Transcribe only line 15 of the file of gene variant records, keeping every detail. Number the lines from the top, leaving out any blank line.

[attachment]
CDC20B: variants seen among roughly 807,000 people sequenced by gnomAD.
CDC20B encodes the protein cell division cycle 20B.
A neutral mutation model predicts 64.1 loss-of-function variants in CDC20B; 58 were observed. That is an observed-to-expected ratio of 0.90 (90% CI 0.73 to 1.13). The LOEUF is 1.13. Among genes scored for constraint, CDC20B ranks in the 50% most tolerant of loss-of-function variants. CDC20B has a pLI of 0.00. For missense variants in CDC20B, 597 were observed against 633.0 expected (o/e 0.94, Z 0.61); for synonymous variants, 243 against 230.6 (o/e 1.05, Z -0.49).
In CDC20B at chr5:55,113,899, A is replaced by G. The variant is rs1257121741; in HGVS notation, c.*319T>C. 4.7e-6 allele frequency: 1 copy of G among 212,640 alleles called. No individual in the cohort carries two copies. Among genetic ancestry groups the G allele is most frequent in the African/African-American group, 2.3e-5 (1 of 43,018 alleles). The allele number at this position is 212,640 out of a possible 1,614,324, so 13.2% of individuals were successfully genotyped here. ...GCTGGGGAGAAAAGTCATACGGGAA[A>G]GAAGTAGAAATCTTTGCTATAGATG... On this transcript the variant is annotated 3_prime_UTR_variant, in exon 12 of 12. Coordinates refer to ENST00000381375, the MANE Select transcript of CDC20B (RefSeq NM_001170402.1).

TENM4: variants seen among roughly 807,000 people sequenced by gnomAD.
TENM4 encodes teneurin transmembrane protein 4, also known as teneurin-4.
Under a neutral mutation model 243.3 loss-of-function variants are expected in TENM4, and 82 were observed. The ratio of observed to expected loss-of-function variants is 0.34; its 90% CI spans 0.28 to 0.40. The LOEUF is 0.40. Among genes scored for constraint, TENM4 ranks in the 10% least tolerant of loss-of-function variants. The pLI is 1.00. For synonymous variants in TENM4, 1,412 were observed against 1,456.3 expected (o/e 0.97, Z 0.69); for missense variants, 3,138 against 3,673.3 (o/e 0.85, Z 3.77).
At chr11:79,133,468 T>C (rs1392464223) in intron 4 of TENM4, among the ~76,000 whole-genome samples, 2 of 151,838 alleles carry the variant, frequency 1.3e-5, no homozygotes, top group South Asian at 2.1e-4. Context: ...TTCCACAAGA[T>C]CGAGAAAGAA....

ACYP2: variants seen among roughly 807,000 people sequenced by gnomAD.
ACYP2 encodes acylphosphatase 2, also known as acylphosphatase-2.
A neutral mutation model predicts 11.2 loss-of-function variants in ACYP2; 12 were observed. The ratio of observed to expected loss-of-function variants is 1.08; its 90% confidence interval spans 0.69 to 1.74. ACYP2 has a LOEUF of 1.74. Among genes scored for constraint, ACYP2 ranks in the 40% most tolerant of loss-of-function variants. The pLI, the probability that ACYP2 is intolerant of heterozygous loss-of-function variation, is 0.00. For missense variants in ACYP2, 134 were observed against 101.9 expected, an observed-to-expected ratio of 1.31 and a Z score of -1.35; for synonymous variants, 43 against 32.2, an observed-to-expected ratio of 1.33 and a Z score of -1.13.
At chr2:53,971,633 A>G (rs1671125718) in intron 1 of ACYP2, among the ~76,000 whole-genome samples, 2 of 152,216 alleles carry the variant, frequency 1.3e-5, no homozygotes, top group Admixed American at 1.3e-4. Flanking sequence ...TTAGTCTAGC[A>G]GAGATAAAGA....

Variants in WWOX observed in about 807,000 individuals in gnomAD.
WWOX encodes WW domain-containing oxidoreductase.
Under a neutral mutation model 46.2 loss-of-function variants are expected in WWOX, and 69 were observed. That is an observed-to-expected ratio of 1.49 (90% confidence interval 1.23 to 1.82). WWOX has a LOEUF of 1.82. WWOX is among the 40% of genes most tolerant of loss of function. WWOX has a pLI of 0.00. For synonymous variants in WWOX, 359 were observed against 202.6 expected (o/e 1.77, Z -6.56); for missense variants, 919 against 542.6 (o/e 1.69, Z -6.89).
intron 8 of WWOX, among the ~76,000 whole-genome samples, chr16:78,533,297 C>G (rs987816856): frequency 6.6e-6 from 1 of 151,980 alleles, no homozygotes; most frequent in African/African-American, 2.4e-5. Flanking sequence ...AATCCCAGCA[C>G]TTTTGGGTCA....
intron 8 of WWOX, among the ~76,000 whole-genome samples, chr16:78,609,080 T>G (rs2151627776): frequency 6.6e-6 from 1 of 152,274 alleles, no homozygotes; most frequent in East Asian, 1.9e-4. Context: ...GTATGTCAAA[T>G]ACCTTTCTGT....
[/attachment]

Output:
Under a neutral mutation model 46.2 loss-of-function variants are expected in WWOX, and 69 were observed. That is an observed-to-expected ratio of 1.49 (90% confidence interval 1.23 to 1.82). WWOX has a LOEUF of 1.82. WWOX is among the 40% of genes most tolerant of loss of function. WWOX has a pLI of 0.00. For synonymous variants in WWOX, 359 were observed against 202.6 expected (o/e 1.77, Z -6.56); for missense variants, 919 against 542.6 (o/e 1.69, Z -6.89).